Johnny Come Lately

1943

Drama

145
IMDb Rating 6.8 10 404

Synopsis


Downloaded 6,565 times
June 8, 2019

Cast

Arthur Hunnicutt as Second Tramp
James Cagney as (uncredited)
Margaret Hamilton as Mrs. Jackson
720p.BLU 1080p.BLU
810.02 MB
1280*720
English
NR
23.976 fps
97 min
P/S N/A / N/A
1.54 GB
1920×1080
English
NR
23.976 fps
97 min
P/S N/A / N/A

Movie Reviews

Reviewed by bkoganbing 7 / 10 / 10

Vagabond Crusader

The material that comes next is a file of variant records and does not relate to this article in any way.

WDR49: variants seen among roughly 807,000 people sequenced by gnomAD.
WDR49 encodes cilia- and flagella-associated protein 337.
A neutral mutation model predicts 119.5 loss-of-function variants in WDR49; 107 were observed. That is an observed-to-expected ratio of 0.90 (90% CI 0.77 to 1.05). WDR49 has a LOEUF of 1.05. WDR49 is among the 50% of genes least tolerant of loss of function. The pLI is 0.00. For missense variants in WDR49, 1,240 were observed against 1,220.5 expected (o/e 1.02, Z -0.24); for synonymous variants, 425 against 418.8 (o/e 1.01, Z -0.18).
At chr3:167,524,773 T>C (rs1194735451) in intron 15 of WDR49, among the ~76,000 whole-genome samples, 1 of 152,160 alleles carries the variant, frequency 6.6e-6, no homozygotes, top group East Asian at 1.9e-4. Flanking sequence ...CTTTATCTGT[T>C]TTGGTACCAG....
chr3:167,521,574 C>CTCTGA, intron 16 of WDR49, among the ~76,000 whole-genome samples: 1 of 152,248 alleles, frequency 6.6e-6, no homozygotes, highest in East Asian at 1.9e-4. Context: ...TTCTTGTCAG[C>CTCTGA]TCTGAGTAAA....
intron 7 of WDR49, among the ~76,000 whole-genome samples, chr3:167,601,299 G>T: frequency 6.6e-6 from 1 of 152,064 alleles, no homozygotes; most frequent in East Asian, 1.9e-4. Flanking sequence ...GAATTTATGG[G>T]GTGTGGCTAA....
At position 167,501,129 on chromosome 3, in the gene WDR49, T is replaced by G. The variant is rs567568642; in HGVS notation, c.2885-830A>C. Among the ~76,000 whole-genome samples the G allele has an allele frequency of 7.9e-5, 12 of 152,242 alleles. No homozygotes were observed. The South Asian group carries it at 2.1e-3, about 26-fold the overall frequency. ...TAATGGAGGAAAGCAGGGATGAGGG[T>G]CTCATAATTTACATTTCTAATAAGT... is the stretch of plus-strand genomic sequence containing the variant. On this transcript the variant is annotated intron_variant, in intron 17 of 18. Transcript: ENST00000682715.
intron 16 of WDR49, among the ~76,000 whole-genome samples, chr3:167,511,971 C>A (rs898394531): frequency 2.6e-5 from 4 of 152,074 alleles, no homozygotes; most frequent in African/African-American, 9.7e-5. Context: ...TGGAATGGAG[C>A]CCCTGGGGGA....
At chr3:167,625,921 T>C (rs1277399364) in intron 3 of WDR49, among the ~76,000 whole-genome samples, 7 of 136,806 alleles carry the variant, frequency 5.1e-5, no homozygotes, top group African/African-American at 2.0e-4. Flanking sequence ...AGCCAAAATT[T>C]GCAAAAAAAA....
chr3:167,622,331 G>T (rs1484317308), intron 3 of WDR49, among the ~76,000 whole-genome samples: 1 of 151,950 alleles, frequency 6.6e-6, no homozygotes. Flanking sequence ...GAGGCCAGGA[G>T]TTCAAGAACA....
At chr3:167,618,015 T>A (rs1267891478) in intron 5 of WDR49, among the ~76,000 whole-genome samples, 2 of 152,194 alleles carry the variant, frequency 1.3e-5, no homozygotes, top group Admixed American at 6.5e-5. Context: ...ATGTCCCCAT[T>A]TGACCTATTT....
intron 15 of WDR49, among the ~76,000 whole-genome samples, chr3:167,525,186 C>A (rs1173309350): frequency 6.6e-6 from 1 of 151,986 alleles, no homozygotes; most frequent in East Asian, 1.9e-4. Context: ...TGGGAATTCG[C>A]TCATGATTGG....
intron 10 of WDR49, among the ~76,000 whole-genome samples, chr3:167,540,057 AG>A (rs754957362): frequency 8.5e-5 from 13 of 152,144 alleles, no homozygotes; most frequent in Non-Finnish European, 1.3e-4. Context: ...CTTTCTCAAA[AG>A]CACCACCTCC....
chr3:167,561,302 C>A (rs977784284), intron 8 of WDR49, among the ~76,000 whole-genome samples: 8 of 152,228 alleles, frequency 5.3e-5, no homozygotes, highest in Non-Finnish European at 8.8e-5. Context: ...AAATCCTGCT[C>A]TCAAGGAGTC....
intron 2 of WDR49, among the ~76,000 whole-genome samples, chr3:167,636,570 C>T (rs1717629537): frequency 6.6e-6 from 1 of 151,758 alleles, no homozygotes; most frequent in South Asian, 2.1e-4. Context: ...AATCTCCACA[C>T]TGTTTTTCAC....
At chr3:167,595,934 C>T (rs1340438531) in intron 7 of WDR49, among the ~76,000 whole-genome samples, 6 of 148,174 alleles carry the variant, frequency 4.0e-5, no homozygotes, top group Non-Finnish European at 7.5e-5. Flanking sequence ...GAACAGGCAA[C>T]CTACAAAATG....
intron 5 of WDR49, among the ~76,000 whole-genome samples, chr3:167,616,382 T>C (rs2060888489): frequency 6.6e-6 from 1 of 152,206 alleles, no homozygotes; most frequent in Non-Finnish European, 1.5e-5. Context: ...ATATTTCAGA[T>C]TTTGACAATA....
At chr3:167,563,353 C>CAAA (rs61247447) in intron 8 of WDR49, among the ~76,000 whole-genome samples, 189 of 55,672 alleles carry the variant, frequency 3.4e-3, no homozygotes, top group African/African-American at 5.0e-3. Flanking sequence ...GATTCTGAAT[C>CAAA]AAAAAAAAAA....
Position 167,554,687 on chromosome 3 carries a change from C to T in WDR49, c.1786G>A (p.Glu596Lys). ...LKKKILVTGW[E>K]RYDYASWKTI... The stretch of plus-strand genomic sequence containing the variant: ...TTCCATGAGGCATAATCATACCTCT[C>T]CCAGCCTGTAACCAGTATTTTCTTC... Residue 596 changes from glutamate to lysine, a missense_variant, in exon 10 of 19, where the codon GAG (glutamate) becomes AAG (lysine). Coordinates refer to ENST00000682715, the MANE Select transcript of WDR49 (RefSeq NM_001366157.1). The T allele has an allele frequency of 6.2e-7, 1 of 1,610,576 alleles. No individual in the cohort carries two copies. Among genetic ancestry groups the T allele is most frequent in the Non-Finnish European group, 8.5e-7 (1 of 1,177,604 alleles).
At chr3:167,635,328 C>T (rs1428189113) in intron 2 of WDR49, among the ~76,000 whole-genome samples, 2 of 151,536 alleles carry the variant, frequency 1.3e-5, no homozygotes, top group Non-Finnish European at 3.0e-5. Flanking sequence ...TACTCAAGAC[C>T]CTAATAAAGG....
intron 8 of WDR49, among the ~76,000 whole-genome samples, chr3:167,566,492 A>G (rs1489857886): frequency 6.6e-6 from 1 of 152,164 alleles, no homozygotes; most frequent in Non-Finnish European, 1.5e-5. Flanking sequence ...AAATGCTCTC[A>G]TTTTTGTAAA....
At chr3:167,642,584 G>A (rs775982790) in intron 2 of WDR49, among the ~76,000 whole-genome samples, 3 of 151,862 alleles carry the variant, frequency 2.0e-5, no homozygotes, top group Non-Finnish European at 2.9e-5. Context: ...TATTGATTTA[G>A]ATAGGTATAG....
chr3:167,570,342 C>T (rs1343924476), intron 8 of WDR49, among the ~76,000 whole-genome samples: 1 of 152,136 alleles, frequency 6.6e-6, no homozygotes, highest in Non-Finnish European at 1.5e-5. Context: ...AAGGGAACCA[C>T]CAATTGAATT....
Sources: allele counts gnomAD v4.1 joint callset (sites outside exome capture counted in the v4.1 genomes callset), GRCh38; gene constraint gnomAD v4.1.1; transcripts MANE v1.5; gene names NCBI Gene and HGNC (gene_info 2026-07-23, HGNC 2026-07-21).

This curious film is one of the James Cagney films I like the best. For a Cagney film it's slow. I think Cagney was nostalgic for the period in time when he was growing up and Johnny Come Lately captures that slower pace of life people enjoyed before World War I. Cagney plays Tom Richards who was a newspaperman before the life of the open road suddenly appealed to him. We first meet him, seedy and unshaven, sitting on a bench in the town square reading the Pickwick Papers. The town is in the grip of Boss Daugherty played by Edward McNamara. Daugherty has whittled whatever opposition he faced down to Vinnie McLeod who is a widow and owns a badly in debt town newspaper. Daugherty got the mortgage and he's about to close in the best tradition of 19th century villainy. Vinnie meets Richards and brings him to her home. One of her charitable traditions is to give passing hobos a decent meal and Cagney gets one and in turn learns about the town politics. By the end of the film all's right and Cagney moves on, having changed a whole number of lives in the process. Vinnie McLeod is played by Grace George, a prominent stage actress who makes her one and only movie here. She's very good and other supporting players who acquit themselves well are Hattie McDaniel, Marjorie Lord, Robert Barrat and most of all Marjorie Main playing Gashouse Mary. This film was obviously a labor of love for James Cagney and it shows.